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Publication numberUS4726516 A
Publication typeGrant
Application numberUS 07/034,536
Publication dateFeb 23, 1988
Filing dateApr 6, 1987
Priority dateOct 21, 1985
Fee statusLapsed
Publication number034536, 07034536, US 4726516 A, US 4726516A, US-A-4726516, US4726516 A, US4726516A
InventorsIan C. Cree
Original AssigneeCree Ian C
Export CitationBiBTeX, EndNote, RefMan
External Links: USPTO, USPTO Assignment, Espacenet
Foldable ramp
US 4726516 A
Abstract
A pair of coplanar, telescopic tracks are held in a spaced-apart and generally parallel relationship by a plurality of crossties. The crossties may also be telescopic to vary the space between the tracks according to use. At one end the tracks can be elevated by length-adjustable props or variable trusses. Each track comprises at least two segments, a first segment adapted to be slidably disposed in a channel of the second segment. The segments can be channel bars. A detent is used to temporarily hold the tracks at any of a plurality of telescoped lengths. A variable truss comprises a pair of divergent struts with a variable length member subtending the angle between the struts. This device is especially useful as a variable ramp for wheelchairs when it is made from relatively lightweight material such as aluminum.
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Claims(2)
I claim:
1. A ramp frame comprising:
a frame including a pair of coplanar, telescopic tracks held in a spaced-apart and generally parallel relationship by a plurality of crossties;
a pair of length-adjustable prop means disposed below an elevatable end of the ramp frame for elevating said end above the opposite end of the ramp frame;
means for temporarily holding the tracks at any of a plurality of telescoped lengths; and
a telescopic under frame pivotally affixed at one end to the prop means, and pivotally affixed at one opposite end to the ramp frame at a ramp frame end remote from the prop means, and means for temporarily holding the underframe at any of a plurality of telescoped lengths.
2. A ramp comprising:
a frame including a pair of coplanar telescopic tracks held in a variably spaced-apart relationship by a plurality of telescopic crosstie members;
a pair of length-adjustable prop means disposed below an elevatable end of the ramp frame for elevating said end above the opposite end of the frame;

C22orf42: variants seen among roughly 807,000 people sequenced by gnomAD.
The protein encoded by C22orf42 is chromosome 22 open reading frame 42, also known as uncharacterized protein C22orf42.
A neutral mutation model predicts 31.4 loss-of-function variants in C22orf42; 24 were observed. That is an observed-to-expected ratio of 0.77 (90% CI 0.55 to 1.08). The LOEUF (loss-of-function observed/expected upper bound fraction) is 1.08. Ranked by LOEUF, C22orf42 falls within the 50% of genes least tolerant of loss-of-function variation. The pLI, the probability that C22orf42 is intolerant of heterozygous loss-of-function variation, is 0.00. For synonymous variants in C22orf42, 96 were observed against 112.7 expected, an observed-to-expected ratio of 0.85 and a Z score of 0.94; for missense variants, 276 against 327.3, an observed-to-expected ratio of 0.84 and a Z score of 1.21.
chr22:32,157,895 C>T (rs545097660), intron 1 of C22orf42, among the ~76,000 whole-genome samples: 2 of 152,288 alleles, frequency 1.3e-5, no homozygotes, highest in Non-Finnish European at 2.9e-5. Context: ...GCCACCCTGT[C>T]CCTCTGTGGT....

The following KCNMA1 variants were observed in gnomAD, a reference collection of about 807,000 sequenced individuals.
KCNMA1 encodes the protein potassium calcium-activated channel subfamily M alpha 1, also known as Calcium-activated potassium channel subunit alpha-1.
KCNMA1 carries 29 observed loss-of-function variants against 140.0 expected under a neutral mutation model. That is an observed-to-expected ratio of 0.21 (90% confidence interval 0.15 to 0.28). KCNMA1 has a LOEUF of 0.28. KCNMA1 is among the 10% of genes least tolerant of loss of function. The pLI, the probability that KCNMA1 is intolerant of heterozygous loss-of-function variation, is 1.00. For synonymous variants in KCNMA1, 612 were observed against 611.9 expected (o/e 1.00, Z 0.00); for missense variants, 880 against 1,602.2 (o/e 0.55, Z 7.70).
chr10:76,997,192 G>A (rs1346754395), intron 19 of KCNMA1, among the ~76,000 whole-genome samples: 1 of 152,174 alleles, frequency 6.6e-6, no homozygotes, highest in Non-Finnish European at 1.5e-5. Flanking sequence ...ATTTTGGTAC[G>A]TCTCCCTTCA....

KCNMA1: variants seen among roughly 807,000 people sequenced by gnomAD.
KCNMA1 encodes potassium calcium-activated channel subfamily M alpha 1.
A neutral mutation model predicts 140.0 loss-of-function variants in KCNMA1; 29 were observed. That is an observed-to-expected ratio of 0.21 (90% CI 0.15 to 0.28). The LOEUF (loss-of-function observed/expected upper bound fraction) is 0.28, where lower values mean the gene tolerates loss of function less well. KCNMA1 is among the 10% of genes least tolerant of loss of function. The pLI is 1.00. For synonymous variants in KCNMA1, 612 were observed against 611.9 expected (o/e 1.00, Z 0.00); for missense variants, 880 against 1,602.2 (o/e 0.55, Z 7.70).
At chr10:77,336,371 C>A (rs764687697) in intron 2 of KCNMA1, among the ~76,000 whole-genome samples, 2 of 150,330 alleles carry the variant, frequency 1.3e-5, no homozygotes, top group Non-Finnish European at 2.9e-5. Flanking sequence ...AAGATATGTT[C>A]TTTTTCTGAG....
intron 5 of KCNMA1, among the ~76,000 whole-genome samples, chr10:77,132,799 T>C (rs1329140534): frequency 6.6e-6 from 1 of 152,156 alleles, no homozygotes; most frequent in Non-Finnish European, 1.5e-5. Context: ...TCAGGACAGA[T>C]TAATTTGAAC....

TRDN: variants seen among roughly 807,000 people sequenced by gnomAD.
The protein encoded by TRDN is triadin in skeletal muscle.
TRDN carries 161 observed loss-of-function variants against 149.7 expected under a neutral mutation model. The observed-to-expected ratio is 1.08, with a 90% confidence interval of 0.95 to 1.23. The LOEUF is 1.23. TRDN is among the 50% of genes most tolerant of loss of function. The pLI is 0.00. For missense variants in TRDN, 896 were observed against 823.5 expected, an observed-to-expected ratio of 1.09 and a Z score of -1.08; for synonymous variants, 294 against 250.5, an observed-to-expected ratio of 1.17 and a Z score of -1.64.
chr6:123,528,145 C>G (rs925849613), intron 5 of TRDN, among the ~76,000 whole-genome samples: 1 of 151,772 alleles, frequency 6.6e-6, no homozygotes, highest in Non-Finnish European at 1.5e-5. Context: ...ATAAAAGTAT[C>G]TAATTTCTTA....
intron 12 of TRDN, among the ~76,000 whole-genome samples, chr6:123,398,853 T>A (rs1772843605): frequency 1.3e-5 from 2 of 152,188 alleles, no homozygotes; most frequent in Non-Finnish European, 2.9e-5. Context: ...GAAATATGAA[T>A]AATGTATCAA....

means for temporarily holding the tracks at any of a plurality of telescoped lengths;
means for temporarily holding the crossties at any of a plurality of telescoped lengths; and
a telescopic underframe pivotally affixed at one end to the prop means, and pivotally affixed at an opposite end to the ramp frame at a ramp frame end remote from the prop means, and means for temporarily holding the underframe at any of a plurality of telescoped lengths.
Description

This is a continuation of application Ser. No. 789,685 filed Oct. 21, 1987, now abandoned.

BACKGROUND OF THE INVENTION

This invention relates to ramps in general to variable and transportable ramps and more specifically to collapsible ramps for wheeled objects.

Transportable and collapsible ramps for wheeled objects such as wheelchairs are known in the art. U.S. Pat. No. 3,818,528 by Petersen shows a pair of tracks laterally hinged to and spaced apart by a center member, the tracks being foldable in upon the center member and the combination being longitudinally foldable. The track length and vertical rise are not adjustable.

U.S. Pat. No. 4,084,713 by Rohrs et al. shows a wheelchair ramp hingably mounted on the floor of an automobile. It comprises a pair of fixedly space tracks longitudinally foldable. U.S. Pat. No. 3,176,334 by Lovdahl shows a very similar ramp. Likewise U.S. Pat. No. 4,127,201 by Baumann shows a collapsible ramp comprised of a pair of longitudinal supports secured to and supported by a vehicle for the purpose of loading and unloading wheeled objects. In all the above cases the track lengths not adjustable and the tracks themselves are not self-surpporting.

U.S. Pat. Nos. 3,315,292 by Collins and 3,936,898 by Poe both show hinged together plates of rectangular configuration with vertical members for a self-supported rise. They are not longitudinally nor laterally adjustable in dimension.

This invention addresses in particular the problem of providing a lightweight ramp for persons confined to a wheelchair which is adaptable to a wide variety of ramping requirements. For example, this invention can be used to ramp a wheelchair in or out of a vehicle, up or down a street curb, and up or down a small flight of stairs. It is adjustable in length and width, it is self-supporting, and it is adjustably variable in its vertical rise. Furthermore it is collapsible and can be easily carried by a wheelchair.

Other advantages and attributes of this invention will be readily discernible upon a reading of the text hereinafter.